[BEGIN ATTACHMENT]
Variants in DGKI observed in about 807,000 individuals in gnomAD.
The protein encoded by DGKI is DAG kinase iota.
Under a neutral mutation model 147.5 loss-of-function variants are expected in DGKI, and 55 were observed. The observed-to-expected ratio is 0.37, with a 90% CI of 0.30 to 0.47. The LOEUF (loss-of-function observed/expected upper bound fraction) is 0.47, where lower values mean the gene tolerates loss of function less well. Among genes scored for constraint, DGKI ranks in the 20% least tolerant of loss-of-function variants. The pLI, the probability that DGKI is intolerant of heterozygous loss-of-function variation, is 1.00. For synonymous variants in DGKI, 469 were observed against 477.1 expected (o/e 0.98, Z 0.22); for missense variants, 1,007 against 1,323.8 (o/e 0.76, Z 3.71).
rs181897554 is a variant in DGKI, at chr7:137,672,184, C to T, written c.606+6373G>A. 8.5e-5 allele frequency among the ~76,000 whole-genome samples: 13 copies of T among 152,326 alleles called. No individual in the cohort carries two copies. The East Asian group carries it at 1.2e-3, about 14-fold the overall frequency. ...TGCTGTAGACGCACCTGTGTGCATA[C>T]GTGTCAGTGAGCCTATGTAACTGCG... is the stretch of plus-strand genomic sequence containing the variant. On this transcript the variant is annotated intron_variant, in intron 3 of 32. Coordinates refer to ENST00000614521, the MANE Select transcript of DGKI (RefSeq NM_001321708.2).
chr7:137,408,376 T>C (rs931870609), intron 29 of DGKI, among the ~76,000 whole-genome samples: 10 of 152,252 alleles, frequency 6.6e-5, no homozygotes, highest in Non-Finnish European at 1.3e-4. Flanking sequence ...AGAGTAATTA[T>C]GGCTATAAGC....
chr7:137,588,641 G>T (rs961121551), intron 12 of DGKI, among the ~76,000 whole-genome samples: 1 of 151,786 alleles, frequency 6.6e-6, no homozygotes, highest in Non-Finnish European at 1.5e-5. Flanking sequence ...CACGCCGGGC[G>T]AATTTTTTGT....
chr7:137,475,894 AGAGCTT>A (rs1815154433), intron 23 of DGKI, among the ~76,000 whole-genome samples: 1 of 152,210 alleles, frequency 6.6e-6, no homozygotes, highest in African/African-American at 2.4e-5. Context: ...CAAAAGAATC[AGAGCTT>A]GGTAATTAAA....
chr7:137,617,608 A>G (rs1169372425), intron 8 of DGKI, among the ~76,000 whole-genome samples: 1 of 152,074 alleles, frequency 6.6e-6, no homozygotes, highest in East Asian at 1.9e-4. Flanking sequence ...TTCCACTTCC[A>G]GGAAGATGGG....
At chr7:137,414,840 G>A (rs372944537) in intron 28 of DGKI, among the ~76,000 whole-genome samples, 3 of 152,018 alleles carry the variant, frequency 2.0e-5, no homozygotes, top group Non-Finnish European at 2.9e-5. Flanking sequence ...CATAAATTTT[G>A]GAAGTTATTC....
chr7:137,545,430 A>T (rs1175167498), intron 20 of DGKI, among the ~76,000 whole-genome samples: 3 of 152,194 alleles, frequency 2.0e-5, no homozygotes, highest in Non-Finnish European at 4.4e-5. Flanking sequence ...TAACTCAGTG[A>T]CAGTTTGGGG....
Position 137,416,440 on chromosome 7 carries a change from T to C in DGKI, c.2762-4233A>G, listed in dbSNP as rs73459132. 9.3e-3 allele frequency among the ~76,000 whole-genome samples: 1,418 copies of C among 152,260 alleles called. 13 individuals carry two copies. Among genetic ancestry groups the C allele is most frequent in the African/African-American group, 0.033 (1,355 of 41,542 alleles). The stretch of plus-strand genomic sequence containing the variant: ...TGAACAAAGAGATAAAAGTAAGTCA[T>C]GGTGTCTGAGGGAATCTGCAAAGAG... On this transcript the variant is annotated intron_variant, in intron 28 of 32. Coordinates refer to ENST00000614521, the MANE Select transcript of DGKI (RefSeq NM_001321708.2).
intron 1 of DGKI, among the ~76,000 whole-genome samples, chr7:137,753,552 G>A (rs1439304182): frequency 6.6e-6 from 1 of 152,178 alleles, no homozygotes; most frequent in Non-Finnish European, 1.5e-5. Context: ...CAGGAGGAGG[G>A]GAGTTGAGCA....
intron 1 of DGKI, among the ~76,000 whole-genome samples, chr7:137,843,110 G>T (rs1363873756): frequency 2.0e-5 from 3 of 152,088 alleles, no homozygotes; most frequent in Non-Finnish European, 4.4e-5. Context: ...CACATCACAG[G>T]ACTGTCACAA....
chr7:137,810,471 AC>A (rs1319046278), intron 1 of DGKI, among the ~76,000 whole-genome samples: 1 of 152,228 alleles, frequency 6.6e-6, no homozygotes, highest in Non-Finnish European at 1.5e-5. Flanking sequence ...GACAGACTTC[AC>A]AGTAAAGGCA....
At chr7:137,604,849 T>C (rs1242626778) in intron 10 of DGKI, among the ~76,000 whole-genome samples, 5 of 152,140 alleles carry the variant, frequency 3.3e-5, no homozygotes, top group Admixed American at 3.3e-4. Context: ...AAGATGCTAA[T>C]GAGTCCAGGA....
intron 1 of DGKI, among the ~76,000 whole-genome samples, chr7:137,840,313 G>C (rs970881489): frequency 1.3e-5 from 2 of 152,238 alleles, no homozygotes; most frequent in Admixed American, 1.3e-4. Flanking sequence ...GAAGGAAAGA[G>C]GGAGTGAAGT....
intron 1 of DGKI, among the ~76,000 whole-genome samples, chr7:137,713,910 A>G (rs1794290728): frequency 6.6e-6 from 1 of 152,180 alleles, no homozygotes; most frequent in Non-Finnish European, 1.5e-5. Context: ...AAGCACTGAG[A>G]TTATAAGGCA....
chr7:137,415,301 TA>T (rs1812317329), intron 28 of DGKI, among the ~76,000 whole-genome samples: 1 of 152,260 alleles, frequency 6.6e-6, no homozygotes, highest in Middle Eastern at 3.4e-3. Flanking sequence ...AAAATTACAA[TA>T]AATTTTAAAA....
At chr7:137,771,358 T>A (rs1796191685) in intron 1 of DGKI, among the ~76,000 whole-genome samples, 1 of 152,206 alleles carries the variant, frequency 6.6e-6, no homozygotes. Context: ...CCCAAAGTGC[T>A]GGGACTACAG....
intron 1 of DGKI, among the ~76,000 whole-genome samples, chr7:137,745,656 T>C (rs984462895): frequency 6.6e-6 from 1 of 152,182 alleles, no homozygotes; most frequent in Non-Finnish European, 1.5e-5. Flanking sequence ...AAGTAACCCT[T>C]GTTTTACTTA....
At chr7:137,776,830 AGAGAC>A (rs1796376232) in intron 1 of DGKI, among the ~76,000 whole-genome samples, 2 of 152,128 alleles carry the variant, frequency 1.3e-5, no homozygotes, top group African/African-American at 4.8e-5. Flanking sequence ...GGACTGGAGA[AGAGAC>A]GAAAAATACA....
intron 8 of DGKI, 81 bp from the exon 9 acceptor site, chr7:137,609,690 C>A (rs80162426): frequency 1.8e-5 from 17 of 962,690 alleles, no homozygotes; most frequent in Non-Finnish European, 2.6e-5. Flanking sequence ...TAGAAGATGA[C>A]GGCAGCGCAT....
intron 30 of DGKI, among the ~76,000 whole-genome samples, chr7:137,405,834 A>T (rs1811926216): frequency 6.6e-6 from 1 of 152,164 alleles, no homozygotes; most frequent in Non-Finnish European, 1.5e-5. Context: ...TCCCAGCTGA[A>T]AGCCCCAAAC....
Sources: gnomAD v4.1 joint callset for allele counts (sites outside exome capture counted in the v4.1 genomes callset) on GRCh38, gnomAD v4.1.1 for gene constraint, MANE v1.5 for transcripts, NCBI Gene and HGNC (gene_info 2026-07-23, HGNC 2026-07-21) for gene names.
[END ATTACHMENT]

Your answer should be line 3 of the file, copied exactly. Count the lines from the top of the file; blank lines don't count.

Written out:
Under a neutral mutation model 147.5 loss-of-function variants are expected in DGKI, and 55 were observed. The observed-to-expected ratio is 0.37, with a 90% CI of 0.30 to 0.47. The LOEUF (loss-of-function observed/expected upper bound fraction) is 0.47, where lower values mean the gene tolerates loss of function less well. Among genes scored for constraint, DGKI ranks in the 20% least tolerant of loss-of-function variants. The pLI, the probability that DGKI is intolerant of heterozygous loss-of-function variation, is 1.00. For synonymous variants in DGKI, 469 were observed against 477.1 expected (o/e 0.98, Z 0.22); for missense variants, 1,007 against 1,323.8 (o/e 0.76, Z 3.71).